Miss-Lou could end up between two hurricanes early next week; officials ‘on readiness level’
If the forecasts hold true, Miss-Lou residents could find themselves between two hurricanes early next week.
Adams County Emergency Management officials are keeping their eyes on two developing tropical systems — both headed toward the Gulf of Mexico.
Tropical Storm Laura formed Friday in the eastern Caribbean and forecasters said it poses a potential hurricane threat to Florida and the U.S. Gulf Coast. A second storm, currently called Tropical Depression No. 14 , also might hit the U.S. as a hurricane after running across Mexico’s Yucatan Peninsula.
Adams County Emergency Management Director said the weather system officials are most concerned about is Tropical Storm No. 14, which was nearing the coast of Honduras Friday morning. The U.S. National Hurricane Center said it was expected to veer northwest and cut across the tip of Mexico’s Yucatan Peninsula Sunday, possibly at or near hurricane force.
From there, the long-term forecast track would carry it to the U.S. Gulf Coast, perhaps Texas or Louisiana, by Tuesday or Wednesday — again, possibly, as a hurricane.
Bradford said forecast models would put Natchez and Adams County in the northeast quadrant of the storm, which if it were to become a hurricane would be the most powerful part of the storm.
Bradford said the county is beginning to make preparations.
“We have already started putting plans in place for the shelter as far as COVID-19 protocols are concerned,” Bradford said. “We have put everyone on readiness level.”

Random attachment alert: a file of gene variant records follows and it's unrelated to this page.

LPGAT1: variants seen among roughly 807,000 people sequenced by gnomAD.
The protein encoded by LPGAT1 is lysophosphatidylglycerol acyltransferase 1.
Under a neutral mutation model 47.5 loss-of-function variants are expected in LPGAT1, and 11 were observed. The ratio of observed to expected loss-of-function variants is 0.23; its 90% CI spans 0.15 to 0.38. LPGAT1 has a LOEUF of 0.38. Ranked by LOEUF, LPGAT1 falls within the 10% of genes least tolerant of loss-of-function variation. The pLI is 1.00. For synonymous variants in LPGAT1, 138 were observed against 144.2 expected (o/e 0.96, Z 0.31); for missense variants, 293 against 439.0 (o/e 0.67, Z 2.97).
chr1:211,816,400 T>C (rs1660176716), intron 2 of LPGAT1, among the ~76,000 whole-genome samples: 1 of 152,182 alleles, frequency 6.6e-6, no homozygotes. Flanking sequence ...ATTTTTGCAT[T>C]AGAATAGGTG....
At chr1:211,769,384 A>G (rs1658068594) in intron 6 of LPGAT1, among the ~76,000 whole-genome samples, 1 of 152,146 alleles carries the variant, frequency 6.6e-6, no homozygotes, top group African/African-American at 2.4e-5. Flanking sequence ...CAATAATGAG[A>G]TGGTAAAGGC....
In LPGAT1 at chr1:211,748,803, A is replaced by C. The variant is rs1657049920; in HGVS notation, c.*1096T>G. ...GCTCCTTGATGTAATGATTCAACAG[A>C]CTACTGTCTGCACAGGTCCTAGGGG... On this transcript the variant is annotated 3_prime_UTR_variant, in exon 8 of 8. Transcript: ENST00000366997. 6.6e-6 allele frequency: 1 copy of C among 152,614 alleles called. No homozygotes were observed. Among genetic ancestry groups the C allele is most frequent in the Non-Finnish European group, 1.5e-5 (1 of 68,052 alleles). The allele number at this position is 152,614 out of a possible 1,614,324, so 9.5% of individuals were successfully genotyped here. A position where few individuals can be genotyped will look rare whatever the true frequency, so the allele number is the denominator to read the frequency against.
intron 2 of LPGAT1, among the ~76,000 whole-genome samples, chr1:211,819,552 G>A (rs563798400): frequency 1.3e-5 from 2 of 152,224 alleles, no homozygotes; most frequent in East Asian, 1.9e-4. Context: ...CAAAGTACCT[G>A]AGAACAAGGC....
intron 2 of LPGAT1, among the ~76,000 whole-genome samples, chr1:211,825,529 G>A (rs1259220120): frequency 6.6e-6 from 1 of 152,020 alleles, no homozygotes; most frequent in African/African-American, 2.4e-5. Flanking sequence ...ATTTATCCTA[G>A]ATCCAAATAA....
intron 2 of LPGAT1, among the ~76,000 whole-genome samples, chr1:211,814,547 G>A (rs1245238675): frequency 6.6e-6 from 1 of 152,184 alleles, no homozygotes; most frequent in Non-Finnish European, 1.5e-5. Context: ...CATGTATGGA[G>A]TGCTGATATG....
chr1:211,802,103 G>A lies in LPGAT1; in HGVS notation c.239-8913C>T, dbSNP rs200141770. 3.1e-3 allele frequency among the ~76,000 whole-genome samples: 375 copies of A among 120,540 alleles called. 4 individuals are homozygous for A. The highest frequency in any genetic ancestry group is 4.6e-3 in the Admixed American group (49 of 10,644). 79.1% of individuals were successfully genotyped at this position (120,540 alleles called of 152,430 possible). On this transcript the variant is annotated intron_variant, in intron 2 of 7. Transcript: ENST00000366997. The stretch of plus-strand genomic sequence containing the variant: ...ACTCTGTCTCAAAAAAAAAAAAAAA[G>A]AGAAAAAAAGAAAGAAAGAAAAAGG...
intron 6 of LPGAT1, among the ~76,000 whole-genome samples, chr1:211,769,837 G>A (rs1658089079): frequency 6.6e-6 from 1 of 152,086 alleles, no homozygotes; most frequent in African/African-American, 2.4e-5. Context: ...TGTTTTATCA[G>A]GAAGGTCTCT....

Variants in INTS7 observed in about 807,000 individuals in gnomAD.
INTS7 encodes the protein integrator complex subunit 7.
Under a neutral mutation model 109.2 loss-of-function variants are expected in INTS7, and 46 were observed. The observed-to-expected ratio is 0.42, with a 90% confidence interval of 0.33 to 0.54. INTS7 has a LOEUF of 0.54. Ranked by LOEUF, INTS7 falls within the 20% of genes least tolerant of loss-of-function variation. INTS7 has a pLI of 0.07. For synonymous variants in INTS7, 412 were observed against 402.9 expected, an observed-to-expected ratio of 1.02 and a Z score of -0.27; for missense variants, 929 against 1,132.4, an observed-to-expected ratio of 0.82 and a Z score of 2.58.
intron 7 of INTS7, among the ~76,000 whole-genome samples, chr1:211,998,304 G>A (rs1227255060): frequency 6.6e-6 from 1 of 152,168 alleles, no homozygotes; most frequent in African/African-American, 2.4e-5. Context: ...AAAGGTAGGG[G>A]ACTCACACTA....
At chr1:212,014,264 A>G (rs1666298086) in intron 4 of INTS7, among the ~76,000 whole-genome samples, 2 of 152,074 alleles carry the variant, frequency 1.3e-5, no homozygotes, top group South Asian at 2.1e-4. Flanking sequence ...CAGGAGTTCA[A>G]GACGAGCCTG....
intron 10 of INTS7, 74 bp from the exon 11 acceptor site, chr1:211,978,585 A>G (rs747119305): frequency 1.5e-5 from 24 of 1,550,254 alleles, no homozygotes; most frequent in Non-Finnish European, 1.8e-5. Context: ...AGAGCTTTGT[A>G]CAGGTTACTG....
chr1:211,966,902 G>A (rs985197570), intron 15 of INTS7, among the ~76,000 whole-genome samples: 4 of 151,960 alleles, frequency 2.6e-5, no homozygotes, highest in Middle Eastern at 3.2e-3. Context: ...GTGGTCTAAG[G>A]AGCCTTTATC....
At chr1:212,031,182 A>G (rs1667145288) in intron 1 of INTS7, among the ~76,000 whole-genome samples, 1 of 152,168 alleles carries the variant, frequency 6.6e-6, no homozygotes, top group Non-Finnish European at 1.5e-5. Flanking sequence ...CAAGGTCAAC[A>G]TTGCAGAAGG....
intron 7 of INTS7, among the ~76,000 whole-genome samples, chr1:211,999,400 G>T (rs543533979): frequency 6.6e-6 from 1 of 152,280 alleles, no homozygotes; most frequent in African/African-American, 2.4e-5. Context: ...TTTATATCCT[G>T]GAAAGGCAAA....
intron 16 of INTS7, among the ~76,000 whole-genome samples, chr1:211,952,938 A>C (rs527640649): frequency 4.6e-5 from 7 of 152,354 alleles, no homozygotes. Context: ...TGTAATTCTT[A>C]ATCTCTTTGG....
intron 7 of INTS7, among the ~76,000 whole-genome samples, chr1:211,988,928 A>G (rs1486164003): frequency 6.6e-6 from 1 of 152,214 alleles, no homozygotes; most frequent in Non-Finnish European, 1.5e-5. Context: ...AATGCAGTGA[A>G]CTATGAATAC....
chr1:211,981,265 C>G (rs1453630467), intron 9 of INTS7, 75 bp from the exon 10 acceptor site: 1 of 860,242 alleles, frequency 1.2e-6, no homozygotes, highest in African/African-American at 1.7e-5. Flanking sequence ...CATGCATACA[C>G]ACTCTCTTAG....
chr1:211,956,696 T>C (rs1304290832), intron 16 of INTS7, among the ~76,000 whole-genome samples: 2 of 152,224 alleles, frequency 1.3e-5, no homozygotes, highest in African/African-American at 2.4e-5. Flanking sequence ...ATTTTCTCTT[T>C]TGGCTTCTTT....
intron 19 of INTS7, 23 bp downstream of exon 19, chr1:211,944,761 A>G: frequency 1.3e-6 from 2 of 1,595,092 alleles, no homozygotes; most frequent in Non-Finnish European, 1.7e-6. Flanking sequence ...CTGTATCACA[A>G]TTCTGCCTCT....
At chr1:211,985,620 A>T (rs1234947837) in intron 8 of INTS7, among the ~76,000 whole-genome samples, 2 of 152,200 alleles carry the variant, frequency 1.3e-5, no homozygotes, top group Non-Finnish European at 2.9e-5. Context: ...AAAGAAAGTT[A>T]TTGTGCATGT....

County road crews and Natchez Public Works have been notified to start prepping for the storm, Bradford said. Officials plan to meet on Monday for the latest update on the storms and weather preparations, Bradford said.
Bradford said local residents also need to be prepared.
“Everybody needs to have a plan in place in the event of power outages,” Bradford said. “We have to anticipate for weather problems and be ready for it.”
Friday morning, Tropical Storm Laura was centered about 230 miles east-southeast of the northern Leeward Islands, with maximum sustained winds of 45 mph. It was heading west at 21 mph according to the U.S. National Hurricane Center.
Forecasters earlier described it as as a disorganized storm with a very uncertain future. The Hurricane Center said it might degenerate, or it might blow up into a major hurricane that could hit Florida by Monday or Tuesday and then the Gulf Coast.
The current forecast track, also highly uncertain, would carry it just north of Puerto Rico, the Dominican Republic and Cuba, across the Bahamas en route to the U.S.
The one we are looking at tin thenoreast quadrant – that is the most powerful/ Wwaether briefing on Monday.
We have already planned for shelter – set in place as far as COVID-19 shelters. Put everybody on readiness level. If we have.
Most of our road crews and public works, to fgo ahead and start prepping. Monday – Everybody needs to have a plan in the event of power outages. We have anticipate and be ready for it.
The one in Mexio – Tropical Depression – we will be located on ttaht noretheast quadrant 0
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